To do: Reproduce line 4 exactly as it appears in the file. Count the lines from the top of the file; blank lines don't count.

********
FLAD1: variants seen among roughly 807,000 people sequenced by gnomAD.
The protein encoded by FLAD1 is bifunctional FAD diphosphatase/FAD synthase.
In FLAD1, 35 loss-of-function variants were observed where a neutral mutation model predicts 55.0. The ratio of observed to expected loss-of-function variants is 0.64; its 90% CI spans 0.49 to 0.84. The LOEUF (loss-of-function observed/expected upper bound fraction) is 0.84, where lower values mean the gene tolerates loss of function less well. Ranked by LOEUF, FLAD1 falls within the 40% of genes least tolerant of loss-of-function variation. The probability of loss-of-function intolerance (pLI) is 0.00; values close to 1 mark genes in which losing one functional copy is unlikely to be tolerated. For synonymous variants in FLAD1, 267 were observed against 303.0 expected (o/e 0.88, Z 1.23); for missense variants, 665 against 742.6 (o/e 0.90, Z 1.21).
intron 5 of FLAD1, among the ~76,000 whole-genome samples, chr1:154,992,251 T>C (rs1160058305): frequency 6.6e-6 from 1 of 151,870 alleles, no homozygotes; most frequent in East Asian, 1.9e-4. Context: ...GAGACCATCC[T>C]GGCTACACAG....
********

intron 5 of FLAD1, among the ~76,000 whole-genome samples, chr1:154,992,251 T>C (rs1160058305): frequency 6.6e-6 from 1 of 151,870 alleles, no homozygotes; most frequent in East Asian, 1.9e-4. Context: ...GAGACCATCC[T>C]GGCTACACAG....